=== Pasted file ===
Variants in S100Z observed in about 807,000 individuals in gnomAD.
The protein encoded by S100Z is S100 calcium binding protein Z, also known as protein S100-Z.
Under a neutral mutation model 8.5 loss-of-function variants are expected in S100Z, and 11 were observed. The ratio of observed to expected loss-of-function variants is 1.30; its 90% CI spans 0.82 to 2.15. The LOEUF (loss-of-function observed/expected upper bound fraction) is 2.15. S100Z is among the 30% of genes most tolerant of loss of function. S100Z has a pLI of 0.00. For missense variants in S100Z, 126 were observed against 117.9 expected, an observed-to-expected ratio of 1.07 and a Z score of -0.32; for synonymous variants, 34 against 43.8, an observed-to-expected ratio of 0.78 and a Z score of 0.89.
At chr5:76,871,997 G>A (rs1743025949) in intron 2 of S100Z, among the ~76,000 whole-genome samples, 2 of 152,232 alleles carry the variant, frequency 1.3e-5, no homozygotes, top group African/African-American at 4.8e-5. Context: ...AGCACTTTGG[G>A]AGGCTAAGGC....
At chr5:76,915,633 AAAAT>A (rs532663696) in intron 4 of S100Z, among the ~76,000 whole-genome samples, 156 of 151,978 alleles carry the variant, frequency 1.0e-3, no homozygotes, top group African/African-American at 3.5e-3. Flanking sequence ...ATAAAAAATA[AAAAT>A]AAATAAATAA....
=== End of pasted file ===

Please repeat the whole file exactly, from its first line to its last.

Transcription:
Variants in S100Z observed in about 807,000 individuals in gnomAD.
The protein encoded by S100Z is S100 calcium binding protein Z, also known as protein S100-Z.
Under a neutral mutation model 8.5 loss-of-function variants are expected in S100Z, and 11 were observed. The ratio of observed to expected loss-of-function variants is 1.30; its 90% CI spans 0.82 to 2.15. The LOEUF (loss-of-function observed/expected upper bound fraction) is 2.15. S100Z is among the 30% of genes most tolerant of loss of function. S100Z has a pLI of 0.00. For missense variants in S100Z, 126 were observed against 117.9 expected, an observed-to-expected ratio of 1.07 and a Z score of -0.32; for synonymous variants, 34 against 43.8, an observed-to-expected ratio of 0.78 and a Z score of 0.89.
At chr5:76,871,997 G>A (rs1743025949) in intron 2 of S100Z, among the ~76,000 whole-genome samples, 2 of 152,232 alleles carry the variant, frequency 1.3e-5, no homozygotes, top group African/African-American at 4.8e-5. Context: ...AGCACTTTGG[G>A]AGGCTAAGGC....
At chr5:76,915,633 AAAAT>A (rs532663696) in intron 4 of S100Z, among the ~76,000 whole-genome samples, 156 of 151,978 alleles carry the variant, frequency 1.0e-3, no homozygotes, top group African/African-American at 3.5e-3. Flanking sequence ...ATAAAAAATA[AAAAT>A]AAATAAATAA....